Recordings of the 28th Māori Battalion are now online

Personal Christmas messages made 70 years ago by wounded Māori troops in North Africa, have gone onto the 28th Māori Battalion website. The recordings were made on acetate discs during the 1940s by the National Broadcasting Service, now Radio New Zealand Te Reo Irirangi O Aotearoa.
The National Broadcasting Service had a mobile recording unit which travelled overseas with the 2nd New Zealand Expeditionary Force.  The mobile studios were installed into Bedford truck and travelled around the deserts of North Africa and on through Italy with New Zealand forces.

These precious taonga are cared for by the Sound Archives Ngā Taonga Kōrero, which is a repository for archival photos, film and audio of the Battalion.

Ref: AWNS-19391206-40-3, Sir George Grey Special Collections
The idea to make the recordings available came from archivist Sarah Johnston. “The original description of this 1942 recording was ‘Christmas carols from staff and patients at No. 2 New Zealand General Hospital, North Africa’”, Sarah explains. “On listening to it we found messages from doctors and nurses and descriptions of Christmas Day celebrations in the hospital, and then a group of Māori patients is introduced, led by Nurse Wiki Katene of Porirua (Ngati Toa). They sing “Silent Night/Marie te po” and then, while the choir sings “Tama Ngakau Marie” in the background, 14 men introduce themselves and send greetings in Māori to whanau back home”.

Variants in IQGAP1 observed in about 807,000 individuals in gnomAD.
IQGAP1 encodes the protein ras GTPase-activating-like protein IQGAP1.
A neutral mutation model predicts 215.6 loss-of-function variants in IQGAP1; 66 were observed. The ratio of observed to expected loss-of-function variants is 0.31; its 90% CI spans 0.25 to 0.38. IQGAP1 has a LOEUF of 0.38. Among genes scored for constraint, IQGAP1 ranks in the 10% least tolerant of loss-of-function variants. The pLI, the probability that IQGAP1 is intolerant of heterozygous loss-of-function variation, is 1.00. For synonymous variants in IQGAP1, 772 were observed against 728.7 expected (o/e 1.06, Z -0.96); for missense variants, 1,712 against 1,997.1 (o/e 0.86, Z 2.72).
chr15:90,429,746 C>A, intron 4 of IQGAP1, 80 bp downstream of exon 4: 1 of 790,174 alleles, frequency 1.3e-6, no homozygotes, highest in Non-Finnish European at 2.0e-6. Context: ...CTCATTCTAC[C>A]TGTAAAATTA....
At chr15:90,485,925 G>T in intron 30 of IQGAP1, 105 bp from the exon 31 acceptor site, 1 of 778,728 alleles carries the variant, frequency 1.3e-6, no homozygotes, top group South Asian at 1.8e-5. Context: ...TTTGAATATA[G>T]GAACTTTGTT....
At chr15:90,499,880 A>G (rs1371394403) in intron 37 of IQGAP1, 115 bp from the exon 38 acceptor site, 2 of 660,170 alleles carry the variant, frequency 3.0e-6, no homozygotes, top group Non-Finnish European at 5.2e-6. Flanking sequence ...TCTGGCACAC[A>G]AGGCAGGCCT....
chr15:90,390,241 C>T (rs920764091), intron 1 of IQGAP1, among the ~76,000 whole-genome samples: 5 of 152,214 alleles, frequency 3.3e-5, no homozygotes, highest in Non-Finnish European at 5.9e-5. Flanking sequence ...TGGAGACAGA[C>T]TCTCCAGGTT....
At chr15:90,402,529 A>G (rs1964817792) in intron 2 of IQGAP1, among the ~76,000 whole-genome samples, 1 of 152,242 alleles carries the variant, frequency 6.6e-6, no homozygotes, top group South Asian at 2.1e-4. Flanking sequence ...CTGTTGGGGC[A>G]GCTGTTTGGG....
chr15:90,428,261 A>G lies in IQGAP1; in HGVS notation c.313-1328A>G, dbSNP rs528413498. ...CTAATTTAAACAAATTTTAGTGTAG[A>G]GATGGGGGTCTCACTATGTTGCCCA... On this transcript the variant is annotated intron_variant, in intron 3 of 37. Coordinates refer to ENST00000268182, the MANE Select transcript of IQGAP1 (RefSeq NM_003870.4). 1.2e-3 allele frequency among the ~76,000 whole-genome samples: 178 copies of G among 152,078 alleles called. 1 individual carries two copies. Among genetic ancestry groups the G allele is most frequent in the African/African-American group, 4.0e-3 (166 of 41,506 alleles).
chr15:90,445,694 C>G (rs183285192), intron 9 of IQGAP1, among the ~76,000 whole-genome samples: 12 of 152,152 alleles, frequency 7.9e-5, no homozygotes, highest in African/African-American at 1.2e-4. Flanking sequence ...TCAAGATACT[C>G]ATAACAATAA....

Ref: AWNS-19431013-18-5, Sir George Grey Special Collections
Enhancement of the recordings by audio historian Dr Monty Soutar of the Ministry for Culture and Heritage Mānatu Taonga and coordinator of the 28 Māori Battalion website, has led to most of the speakers being identified. They include the following soldiers who were all wounded during the Alamein campaign: Peter Hodge of Ngāti Whakaue, Te Irimana Waenga of Te Whanau-a-Apanui, Barney Kapuaroa of Gisborne, Tame (Thomas) Karena of Ngāti Kahungunu, Kopu Heremia of Ngāti Raukawa, L/Sgt Hira Parata of Ngati Toa, Cpl Ripene Matoe of Ngāti Ruanui and Hami Ngaheke of Ngāti Pikiahu-Waewae.

Ref: AWNS-19430331-17-3, Sir George Grey Special Collections
However the identity of some of the soldiers remains unknown. It is hoped that providing access to the recordings online will lead to whanau coming forward and those voices being named.

There are also recordings by Lt Rangi Logan of Ngāti Kahungunu (pictured below, image from the heritage collections of Auckland Libraries), Pte Bill Te Anga of Waikato, Maniapoto, Henare Toka of Ngapuhi, and Lt-Col Tiwi Love of Te Ati Awa, who was killed just months later, encouraging their iwi to send more reinforcements.

Ref: AWNS-19421007-18-6, Sir George Grey Special Collections